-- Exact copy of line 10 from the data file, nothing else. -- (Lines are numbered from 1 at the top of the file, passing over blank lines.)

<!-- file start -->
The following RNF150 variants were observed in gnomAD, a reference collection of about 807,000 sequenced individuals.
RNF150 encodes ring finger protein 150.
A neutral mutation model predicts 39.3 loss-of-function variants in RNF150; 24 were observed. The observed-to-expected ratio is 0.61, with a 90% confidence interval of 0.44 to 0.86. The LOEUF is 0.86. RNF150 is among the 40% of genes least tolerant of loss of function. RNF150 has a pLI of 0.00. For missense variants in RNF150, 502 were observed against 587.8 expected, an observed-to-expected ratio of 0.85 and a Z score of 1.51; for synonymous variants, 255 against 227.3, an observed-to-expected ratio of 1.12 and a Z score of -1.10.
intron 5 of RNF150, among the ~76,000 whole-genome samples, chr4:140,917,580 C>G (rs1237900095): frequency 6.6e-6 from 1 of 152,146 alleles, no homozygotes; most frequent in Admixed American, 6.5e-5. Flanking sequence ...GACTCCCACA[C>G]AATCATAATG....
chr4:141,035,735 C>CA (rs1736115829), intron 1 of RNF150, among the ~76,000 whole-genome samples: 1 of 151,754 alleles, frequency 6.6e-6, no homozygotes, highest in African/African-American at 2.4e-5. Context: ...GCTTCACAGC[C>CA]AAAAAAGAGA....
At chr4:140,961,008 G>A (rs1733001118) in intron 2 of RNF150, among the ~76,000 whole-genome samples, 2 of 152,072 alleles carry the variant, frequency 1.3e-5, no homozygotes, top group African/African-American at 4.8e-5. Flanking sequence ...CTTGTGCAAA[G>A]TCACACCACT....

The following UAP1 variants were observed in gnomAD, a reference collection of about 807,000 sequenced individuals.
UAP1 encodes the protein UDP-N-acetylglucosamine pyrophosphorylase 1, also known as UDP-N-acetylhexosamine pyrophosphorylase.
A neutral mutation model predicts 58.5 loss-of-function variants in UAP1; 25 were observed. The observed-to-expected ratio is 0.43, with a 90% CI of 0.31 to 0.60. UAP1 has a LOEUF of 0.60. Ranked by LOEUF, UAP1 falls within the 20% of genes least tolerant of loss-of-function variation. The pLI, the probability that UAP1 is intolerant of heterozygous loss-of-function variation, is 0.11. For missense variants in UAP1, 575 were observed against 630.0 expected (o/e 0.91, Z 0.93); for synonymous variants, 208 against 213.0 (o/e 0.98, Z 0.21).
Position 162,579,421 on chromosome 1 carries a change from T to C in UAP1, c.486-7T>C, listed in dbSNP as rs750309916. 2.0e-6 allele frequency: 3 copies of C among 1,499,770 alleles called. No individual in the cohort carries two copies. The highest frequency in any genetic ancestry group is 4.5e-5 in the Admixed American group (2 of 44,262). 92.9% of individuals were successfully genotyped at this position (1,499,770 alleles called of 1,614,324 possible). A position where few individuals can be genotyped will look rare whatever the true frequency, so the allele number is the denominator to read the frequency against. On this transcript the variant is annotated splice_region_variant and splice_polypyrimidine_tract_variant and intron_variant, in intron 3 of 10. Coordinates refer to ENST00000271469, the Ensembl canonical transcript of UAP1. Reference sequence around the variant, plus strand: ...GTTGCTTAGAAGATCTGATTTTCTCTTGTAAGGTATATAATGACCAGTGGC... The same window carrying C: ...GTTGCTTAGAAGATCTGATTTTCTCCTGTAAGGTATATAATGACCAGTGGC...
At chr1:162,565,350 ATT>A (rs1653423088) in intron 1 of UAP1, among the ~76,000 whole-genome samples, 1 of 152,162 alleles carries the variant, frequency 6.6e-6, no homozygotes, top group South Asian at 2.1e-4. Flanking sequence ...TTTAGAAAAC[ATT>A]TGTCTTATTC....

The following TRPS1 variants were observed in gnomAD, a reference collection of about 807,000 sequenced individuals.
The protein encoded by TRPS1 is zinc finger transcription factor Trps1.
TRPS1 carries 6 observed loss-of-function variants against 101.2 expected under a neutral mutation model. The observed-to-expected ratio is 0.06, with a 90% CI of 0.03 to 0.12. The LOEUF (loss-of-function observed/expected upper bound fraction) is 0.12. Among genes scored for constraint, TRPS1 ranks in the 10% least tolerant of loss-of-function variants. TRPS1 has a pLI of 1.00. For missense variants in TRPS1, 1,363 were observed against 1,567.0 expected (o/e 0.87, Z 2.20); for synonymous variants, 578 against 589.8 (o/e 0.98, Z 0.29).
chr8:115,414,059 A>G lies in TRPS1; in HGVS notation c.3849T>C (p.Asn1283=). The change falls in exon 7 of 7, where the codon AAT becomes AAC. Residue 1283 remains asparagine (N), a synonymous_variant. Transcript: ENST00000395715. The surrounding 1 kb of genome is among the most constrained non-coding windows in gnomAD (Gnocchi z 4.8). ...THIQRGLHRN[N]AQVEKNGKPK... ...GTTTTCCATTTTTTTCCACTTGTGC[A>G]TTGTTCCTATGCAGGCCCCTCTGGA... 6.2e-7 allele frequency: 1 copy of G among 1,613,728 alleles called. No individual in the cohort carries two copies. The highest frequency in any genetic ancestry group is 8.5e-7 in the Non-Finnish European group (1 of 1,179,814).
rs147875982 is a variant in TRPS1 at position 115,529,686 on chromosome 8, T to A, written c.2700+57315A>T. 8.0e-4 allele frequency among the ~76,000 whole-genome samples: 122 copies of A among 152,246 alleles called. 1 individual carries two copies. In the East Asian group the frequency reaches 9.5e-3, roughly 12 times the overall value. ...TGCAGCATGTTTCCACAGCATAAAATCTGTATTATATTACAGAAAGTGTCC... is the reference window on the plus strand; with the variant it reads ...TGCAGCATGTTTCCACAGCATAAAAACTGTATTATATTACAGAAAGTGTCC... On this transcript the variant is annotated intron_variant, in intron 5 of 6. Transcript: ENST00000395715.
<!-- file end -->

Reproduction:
Position 162,579,421 on chromosome 1 carries a change from T to C in UAP1, c.486-7T>C, listed in dbSNP as rs750309916. 2.0e-6 allele frequency: 3 copies of C among 1,499,770 alleles called. No individual in the cohort carries two copies. The highest frequency in any genetic ancestry group is 4.5e-5 in the Admixed American group (2 of 44,262). 92.9% of individuals were successfully genotyped at this position (1,499,770 alleles called of 1,614,324 possible). A position where few individuals can be genotyped will look rare whatever the true frequency, so the allele number is the denominator to read the frequency against. On this transcript the variant is annotated splice_region_variant and splice_polypyrimidine_tract_variant and intron_variant, in intron 3 of 10. Coordinates refer to ENST00000271469, the Ensembl canonical transcript of UAP1. Reference sequence around the variant, plus strand: ...GTTGCTTAGAAGATCTGATTTTCTCTTGTAAGGTATATAATGACCAGTGGC... The same window carrying C: ...GTTGCTTAGAAGATCTGATTTTCTCCTGTAAGGTATATAATGACCAGTGGC...